U.S. Gulf of Mexico oil production sets record in 2018, on pace for records in 2019 and 2020
Energize Weekly, October 23, 2019
U.S. Gulf of Mexico crude oil production set a record in 2018 at 1.8 million barrels a day, according to the federal Energy Information Administration (EIA) Short-Term Energy Outlook.
The record-setting trend is forecast to continue in 2019 with production hitting 1.9 million barrels a day and 2020 with 2 million barrels a day – even with the shut-in of some platforms due to Hurricane Barry in July 2019 and adjustments for future weather-related shut-ins in 2019 and 2020.
Still, even at these levels of production, Gulf of Mexico (GOM) production on federal leases will account for 15 percent of total U.S. crude oil production in 2019 and 2020, compared with 23 percent in 2011, as onshore production growth continues to outpace offshore growth, the EIA said.
Hurricane Barry forced the evacuation of some production platforms and led to a fall in production in July to 1.6 million barrels a day from 1.9 million barrels a day in June. EIA estimates that production bounced back to 2 million barrels a day in August, although data is not yet available.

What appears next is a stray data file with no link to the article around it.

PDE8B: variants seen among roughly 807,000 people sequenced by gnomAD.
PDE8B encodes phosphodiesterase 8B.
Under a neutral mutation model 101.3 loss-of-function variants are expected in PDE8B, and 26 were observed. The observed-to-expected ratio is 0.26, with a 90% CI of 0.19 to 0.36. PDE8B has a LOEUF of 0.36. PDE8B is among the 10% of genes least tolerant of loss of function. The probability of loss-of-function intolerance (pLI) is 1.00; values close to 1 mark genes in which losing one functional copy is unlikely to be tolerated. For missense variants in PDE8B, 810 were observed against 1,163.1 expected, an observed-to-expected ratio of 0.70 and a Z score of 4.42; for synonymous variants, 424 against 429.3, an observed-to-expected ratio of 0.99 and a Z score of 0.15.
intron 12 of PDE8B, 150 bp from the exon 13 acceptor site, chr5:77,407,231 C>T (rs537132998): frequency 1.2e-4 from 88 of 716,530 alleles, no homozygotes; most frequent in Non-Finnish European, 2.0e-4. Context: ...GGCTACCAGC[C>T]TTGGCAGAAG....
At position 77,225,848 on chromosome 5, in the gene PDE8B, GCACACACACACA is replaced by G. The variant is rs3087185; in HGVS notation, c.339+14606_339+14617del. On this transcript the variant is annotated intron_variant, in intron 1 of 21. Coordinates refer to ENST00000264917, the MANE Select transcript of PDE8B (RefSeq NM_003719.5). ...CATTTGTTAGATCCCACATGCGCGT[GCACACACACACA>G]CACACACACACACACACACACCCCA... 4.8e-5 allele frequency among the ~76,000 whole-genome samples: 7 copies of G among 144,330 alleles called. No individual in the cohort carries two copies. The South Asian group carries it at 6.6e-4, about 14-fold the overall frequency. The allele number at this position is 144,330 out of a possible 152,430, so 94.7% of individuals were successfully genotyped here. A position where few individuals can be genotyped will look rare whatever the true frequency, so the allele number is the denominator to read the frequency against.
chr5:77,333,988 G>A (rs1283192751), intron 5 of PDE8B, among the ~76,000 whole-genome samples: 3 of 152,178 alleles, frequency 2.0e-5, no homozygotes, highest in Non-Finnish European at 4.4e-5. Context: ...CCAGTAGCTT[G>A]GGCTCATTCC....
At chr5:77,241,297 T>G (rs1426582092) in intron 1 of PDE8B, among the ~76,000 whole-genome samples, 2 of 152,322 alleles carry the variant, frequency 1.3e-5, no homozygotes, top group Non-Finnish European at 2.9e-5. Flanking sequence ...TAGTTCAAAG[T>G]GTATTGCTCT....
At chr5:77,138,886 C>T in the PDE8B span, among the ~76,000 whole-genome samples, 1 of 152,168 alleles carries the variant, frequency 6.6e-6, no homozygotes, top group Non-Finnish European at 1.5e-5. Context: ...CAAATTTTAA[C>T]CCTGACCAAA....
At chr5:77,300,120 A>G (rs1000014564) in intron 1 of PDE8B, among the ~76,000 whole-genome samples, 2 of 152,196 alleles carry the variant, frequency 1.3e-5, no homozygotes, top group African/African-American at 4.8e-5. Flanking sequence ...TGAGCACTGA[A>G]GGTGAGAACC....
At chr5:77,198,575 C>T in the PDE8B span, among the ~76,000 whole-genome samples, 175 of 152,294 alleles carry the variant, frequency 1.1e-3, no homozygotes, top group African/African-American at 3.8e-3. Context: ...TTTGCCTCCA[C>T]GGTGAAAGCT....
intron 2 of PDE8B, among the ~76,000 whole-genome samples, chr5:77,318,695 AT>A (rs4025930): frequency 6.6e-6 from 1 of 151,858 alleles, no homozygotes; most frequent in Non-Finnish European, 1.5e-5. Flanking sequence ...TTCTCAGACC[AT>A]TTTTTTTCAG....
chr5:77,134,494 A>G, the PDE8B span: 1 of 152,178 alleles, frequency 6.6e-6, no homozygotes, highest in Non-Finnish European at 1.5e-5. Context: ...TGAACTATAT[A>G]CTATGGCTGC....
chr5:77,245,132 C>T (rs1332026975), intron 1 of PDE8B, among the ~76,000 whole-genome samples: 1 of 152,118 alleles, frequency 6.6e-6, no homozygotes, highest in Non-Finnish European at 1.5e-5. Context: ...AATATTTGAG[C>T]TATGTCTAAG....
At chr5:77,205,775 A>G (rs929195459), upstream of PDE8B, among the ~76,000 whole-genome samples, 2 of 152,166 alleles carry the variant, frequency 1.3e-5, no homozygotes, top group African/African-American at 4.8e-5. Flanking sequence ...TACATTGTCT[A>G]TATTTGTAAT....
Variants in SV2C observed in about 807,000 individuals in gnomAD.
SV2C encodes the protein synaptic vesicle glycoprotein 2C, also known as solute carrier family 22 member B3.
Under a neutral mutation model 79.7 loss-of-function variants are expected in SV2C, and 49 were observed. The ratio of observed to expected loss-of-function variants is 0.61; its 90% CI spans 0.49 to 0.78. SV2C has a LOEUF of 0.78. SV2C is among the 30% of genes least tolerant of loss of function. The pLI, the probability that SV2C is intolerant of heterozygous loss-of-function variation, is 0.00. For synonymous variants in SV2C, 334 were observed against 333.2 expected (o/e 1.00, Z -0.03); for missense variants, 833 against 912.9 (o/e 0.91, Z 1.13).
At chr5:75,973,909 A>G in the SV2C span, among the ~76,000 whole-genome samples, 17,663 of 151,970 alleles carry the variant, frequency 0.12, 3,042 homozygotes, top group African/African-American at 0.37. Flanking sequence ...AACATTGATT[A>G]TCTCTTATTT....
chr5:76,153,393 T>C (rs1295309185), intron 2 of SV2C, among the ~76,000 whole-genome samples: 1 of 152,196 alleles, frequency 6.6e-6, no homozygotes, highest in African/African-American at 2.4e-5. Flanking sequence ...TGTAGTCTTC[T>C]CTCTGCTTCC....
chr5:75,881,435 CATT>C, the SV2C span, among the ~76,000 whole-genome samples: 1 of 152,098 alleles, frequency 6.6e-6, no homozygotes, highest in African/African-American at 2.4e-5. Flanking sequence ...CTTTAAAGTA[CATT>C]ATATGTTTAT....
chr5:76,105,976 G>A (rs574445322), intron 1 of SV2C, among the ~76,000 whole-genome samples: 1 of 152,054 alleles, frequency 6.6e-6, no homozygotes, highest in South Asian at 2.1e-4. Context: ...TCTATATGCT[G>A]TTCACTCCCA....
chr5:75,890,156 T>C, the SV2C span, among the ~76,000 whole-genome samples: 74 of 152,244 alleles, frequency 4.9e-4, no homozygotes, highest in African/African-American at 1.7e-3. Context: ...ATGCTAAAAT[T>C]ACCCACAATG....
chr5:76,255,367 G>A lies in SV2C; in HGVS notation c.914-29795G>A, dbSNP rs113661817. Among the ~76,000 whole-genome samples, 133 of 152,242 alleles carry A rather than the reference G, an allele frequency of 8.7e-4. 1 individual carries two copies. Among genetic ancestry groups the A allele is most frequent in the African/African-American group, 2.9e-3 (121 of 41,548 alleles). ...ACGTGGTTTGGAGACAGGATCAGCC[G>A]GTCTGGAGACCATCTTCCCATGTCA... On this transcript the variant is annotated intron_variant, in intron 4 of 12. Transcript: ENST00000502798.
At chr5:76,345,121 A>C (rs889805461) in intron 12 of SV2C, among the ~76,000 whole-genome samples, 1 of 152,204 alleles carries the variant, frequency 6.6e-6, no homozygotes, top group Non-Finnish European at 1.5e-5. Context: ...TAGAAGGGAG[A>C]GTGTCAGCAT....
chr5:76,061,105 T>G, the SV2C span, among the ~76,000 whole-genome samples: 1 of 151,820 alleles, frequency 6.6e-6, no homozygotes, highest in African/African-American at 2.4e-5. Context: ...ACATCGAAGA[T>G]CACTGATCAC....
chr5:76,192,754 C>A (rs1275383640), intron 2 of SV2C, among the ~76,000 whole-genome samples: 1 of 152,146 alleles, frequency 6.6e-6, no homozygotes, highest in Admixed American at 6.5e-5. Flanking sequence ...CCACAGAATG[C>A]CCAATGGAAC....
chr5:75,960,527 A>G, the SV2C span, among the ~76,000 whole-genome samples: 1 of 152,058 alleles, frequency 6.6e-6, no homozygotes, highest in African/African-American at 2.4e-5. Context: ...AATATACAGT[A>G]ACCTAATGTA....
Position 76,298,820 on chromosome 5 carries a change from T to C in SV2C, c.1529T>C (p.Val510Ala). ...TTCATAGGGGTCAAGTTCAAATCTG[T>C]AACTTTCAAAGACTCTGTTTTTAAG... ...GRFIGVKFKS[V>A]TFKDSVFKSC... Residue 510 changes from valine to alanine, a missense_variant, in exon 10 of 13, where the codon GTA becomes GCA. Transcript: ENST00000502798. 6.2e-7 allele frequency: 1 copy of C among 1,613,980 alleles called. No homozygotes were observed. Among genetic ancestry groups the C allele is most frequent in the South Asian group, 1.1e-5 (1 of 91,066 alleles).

Eight new projects are slated to come into production in 2019, with another four in 2020. EIA estimates that they will add another 44,000 barrels a day of crude oil in 2019 and 190,000 barrels a day in 2020 as production ramps up.
“Uncertainties in oil markets affect long-term planning and operations in the GOM, and the timelines of future projects may change accordingly,” the EIA said.
Of the 12 new field starts, Murphy Oil, Occidental Petroleum, LLOG Exploration and Shell have two each. BP also has one new project coming online in 2020.
Since the discovery and development times for offshore properties are longer than for onshore, Gulf oil production is less sensitive to short-term oil price changes.
“In 2015 and early 2016, decreasing profit margins and reduced expectations for a quick oil price recovery prompted many GOM operators to reconsider future exploration spending and to restructure or delay drilling rig contracts, causing average monthly rig counts to decline through 2018,” EIA said.
Falling rig counts offshore do not affect current production as they do onshore, but instead may affect the discovery of future fields, the agency said.
“Crude oil price increases in 2017 and 2018 relative to lows in 2015 and 2016 have not yet had a significant effect on operations in the GOM, but they have the potential to contribute to increasing rig counts and field discoveries in the coming years,” EIA said.